By Charlotte Matthews
The house where I sit and write this, in Schuyler Virginia, was built in the 1920's for workers at the local soapstone quarry.
Soapstone is actually called a metaphoric rock which makes me think of metamorphosis, of changing from one from to another.
This is what cancer asks of us, to make an alteration, to change and adapt, to be malleable.
And soapstone is that, of course. Hence the name, soap. It is soft and can readily be cut with a knife. That's why sculptors like it.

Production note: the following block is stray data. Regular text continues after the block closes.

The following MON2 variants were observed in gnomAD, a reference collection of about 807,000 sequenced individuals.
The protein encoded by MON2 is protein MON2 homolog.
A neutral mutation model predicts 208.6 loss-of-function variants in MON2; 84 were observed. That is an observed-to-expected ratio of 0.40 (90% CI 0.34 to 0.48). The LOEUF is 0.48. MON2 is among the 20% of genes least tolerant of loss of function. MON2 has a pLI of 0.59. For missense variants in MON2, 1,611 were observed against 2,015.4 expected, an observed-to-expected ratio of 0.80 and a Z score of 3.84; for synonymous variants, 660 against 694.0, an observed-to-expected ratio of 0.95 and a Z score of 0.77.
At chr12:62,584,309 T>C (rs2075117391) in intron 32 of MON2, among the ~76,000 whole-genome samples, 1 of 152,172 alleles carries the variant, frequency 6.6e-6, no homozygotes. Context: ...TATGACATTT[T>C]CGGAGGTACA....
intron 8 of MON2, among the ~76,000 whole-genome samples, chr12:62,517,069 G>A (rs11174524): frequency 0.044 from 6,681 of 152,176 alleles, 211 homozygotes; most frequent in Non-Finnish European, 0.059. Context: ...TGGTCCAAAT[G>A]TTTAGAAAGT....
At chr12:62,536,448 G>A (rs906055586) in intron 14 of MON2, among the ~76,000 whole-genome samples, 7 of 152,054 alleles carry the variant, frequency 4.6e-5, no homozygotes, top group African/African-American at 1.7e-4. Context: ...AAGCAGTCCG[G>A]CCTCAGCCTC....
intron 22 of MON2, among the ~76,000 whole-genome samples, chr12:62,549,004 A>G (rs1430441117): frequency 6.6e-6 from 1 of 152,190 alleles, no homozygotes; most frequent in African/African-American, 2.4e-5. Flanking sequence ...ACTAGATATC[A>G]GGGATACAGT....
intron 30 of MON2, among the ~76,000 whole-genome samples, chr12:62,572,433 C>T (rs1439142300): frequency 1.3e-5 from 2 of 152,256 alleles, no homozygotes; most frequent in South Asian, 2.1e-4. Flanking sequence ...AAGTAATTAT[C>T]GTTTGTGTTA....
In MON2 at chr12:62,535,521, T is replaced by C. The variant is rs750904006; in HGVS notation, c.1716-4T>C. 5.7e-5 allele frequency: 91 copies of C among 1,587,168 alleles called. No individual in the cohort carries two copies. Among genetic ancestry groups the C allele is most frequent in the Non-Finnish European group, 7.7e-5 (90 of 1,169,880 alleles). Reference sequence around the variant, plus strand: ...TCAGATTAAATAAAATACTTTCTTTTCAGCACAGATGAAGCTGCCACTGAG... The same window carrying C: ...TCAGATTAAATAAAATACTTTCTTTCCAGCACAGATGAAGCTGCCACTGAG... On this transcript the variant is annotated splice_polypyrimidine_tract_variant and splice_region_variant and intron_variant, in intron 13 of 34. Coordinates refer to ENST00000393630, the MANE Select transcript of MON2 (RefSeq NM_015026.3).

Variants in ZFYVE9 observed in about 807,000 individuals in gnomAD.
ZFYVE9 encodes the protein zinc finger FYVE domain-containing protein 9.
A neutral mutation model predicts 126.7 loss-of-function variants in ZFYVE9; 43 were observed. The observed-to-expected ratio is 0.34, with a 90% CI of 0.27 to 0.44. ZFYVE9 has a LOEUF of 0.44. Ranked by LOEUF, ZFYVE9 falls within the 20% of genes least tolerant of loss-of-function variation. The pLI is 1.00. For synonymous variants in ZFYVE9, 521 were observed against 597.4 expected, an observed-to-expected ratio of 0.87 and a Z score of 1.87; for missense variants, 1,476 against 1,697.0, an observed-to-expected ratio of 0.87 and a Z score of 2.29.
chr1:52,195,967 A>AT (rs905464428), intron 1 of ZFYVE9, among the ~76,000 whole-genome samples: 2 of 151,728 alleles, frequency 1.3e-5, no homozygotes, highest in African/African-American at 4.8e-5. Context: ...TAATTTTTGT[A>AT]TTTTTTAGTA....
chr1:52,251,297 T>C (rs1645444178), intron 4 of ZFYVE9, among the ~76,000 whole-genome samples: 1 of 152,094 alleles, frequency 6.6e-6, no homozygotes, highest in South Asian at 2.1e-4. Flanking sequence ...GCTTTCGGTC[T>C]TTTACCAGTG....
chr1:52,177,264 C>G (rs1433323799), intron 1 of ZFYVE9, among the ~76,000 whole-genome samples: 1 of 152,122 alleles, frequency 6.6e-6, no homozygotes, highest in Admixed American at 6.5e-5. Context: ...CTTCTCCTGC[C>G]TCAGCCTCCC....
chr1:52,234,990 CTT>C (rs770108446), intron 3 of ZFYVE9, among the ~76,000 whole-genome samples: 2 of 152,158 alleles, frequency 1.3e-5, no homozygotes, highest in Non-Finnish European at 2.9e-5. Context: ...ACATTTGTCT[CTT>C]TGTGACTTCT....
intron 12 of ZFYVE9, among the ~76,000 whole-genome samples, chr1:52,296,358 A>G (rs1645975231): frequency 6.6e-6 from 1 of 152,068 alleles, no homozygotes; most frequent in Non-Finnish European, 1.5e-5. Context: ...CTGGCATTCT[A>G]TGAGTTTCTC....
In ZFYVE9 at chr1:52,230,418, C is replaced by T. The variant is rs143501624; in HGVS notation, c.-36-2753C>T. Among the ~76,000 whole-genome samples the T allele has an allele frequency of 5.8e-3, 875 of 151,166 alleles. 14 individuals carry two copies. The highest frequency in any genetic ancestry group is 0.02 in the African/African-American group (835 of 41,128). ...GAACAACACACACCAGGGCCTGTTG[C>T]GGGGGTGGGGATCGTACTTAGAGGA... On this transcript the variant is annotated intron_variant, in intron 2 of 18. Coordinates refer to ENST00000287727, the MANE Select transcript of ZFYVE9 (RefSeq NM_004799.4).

But soapstone is also resistant to acid and heat--and that's why people often use it for wood stoves and countertops.
Maybe those of us who have encountered cancer have a bit of soapstone in us so we can be cut but also have resistance to great danger.